If you’re involved in a reckless driving crash or a DIU, the incident can stay on your record for between 7 to 10 years.
Note: If the accident occurred long before the policy renewal date, insurers could stretch the penalty period beyond the typical 3-to-5-year window. For example, if the accident’s penalty period expires in January, but your policy’s renewal date is in June, most insurers will not remove the accident record on your policy until the policy renews.
It is recommended that if you have an accident on your driving record, you should keep track of the chargeable period because your insurance provider may overlook this period. By this, you may avoid an extended surcharge period.
Can I Add Accident Forgiveness To My Policy After An Accident
You should consider adding accident forgiveness to your car insurance policy after the accident falls off your driving record. This will help you avoid another surcharge should you get involved in another accident.
Some insurers offer accident forgiveness coverage automatically with your car insurance policy. However, other insurance companies can offer insurance coverage as an add-on or a combination with your car insurance policy.
Additionally, most insurance companies usually require that a driver stays accident or claim-free for some time (usually three to five years) before receiving accident forgiveness.
How Can You Lower Your Policy Rates After A Car Accident?
After a car accident or a moving violation, apart from how long it will take the rates to go down, the bigger question is usually how to get the lowest possible premium.
After the accident or violation is off your record, finding lower rates for your car insurance policy can be challenging. First of all, you may not qualify for accident forgiveness immediately, and secondly, your risk estimation is still high.
However, you can still find lower insurance rates after a surcharge. You may need to speak to your insurance agent to try and find possibilities or insurance discounts that can lower your premium rates. You can qualify for insurance discounts under the following situations:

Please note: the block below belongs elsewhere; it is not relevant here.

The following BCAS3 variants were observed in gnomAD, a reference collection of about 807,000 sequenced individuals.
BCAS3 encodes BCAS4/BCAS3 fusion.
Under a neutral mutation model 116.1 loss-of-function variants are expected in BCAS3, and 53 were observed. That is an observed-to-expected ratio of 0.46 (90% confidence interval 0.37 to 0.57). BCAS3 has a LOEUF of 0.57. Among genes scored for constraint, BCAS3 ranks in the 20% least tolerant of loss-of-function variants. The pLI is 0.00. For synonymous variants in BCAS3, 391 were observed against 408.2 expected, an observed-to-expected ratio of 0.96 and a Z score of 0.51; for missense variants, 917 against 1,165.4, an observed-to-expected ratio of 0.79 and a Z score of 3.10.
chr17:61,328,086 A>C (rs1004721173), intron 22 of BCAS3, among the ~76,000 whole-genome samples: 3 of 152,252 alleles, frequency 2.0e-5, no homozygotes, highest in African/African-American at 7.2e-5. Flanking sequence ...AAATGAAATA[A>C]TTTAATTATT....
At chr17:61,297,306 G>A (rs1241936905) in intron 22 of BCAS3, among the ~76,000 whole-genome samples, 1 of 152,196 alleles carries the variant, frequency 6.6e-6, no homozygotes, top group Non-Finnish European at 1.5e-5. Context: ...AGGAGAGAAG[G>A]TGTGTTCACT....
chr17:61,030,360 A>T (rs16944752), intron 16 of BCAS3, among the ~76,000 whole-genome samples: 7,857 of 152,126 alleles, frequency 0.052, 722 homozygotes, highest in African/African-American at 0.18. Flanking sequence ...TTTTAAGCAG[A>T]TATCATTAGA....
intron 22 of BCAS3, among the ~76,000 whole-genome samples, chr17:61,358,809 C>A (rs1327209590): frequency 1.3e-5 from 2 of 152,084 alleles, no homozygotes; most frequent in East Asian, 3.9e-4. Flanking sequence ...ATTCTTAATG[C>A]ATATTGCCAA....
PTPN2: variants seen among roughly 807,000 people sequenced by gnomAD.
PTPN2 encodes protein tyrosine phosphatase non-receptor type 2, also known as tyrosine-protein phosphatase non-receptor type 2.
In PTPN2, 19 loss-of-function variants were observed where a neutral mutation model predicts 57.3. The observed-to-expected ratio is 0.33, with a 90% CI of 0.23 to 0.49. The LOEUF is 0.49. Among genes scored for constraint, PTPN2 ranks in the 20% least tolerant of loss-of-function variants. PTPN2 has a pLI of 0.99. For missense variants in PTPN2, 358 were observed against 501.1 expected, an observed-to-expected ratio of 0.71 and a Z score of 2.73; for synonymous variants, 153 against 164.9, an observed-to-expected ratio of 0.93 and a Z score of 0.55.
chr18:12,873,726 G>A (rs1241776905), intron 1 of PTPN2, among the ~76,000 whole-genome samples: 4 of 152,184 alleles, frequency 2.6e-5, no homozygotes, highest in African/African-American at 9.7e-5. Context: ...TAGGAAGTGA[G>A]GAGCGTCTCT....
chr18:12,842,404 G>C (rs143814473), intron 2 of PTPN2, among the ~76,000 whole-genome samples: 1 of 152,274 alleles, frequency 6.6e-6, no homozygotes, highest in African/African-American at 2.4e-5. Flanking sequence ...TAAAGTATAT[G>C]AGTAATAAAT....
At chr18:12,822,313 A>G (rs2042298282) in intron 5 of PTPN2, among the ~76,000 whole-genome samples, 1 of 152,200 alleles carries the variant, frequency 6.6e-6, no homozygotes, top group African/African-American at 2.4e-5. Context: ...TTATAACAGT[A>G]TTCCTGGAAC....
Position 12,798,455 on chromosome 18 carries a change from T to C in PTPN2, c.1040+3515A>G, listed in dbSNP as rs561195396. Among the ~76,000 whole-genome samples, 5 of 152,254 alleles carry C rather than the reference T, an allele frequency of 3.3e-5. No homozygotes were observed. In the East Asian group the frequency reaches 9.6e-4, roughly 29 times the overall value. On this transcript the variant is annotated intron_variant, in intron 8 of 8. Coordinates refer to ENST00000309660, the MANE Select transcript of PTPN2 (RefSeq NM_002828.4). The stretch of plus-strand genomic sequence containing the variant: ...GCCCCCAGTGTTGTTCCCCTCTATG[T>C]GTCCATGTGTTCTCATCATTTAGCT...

- When you drive fewer miles than outlined on your policy
- When you are a good student with good grades
- When you’re working in a given service-related occupation such as healthcare, teaching, or the military
The other ways to use to lower your car insurance premiums after an accident include:
- Increase your insurance deductible because the higher your deductible, the lower your premium will be.
- Improve your credit ratings because they are often used in determining your car insurance rates.
- Lower your insurance coverage: Cut down your coverages but ensure you do this only if you need to lower your insurance premium. Also ensure that you do not go below the state-required coverage.
- Shop around for lower car insurance premiums: When you shop around you’ll be able to find the best prices from different insurance companies. Make a decision based on the figures you can find. You’ll also find different coverages and discounts from different insurance companies.
- Consider a different (cheaper) car: If you are driving an expensive car, which is expensive to insure, you can consider a cheaper car, which is also less expensive to insure.
An accident will always increase your insurance premium rates. However, the rates increase highly depending on your car, state, the severity of the accident, or who is at fault. After the accident is off your record, you can lower your premium rates if you consider the available discounts.